I was looking for an intuitive explanation as to why the Doppler effect happens. I haven't found any, but this is what I thought:

-Waves emitted travel at a constant speed

-The source emits a wave

-If the source remained still, then in a given time, there would a large distance between the emitted wavefront and the stationary source

-But if the source starts moving, the speed of the source relative to the wavefront is higher.

-This means in a given time, the distance between the emitted wavefront and the source will be lower -So when the source (while moving) emits a new wavefront, the distance between wavefronts will also be lower

Is this explanation wrong? It suggests that the Doppler effect with light will be barely noticeable, because even if a source starts moving, because the speed of light is so high, the source speed will still be small relatively, so there will be a small (basically insignificant) decrease in distance between wavefronts. So how can red-shift be so noticeable, unless recession speed is extremely high (so high that it is actually significant relative to the speed of light)?


Your intuition is correct - a moving source emitting wavefronts periodically will be closer to the previously emitted wave in the direction of motion, and farther from the previously emitted wave in the opposite direction - see the simulation here.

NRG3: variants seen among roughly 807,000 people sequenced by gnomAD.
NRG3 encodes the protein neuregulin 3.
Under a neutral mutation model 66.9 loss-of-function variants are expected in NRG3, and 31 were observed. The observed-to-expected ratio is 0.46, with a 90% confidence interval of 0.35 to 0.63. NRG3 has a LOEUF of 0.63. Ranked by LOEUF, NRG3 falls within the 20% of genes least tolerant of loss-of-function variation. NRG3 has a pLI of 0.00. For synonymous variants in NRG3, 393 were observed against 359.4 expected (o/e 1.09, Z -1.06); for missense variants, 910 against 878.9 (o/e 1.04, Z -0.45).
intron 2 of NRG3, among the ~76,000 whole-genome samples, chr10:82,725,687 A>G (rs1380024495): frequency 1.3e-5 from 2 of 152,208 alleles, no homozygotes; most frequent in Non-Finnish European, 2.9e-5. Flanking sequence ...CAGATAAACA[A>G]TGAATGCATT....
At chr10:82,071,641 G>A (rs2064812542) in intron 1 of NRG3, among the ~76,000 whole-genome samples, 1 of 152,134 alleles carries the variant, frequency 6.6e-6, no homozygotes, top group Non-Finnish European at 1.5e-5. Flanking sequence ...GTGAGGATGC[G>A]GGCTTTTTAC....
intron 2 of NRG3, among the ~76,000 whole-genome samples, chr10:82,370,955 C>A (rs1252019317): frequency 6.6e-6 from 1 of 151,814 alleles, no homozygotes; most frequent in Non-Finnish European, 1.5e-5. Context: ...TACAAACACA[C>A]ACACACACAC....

You are also correct that the size of the effect depends on the speed of the observer relative to the speed of the wave. That is why we can easily experience the Doppler shift for sound in everyday life (e.g. the sound of a car when it is approaching vs. receding) but we never notice the Doppler shift for light. The speed of sound is a lot slower, and thus a lot closer to the velocities of everyday life, so the effect is larger for sound.

While the shift for light is too small for our eyes to perceive (e.g. not enough to change an object’s perceived color), sensitive instruments can measure extremely small changes in wavelength. For example, the spectrographs that astronomers use to make radial velocity measurements of stars for the purposes of detecting extrasolar planets (via the star’s motion as the planet orbits) can now routinely measure velocities with a precision of 1 m/s - a leisurely walking speed for a human!

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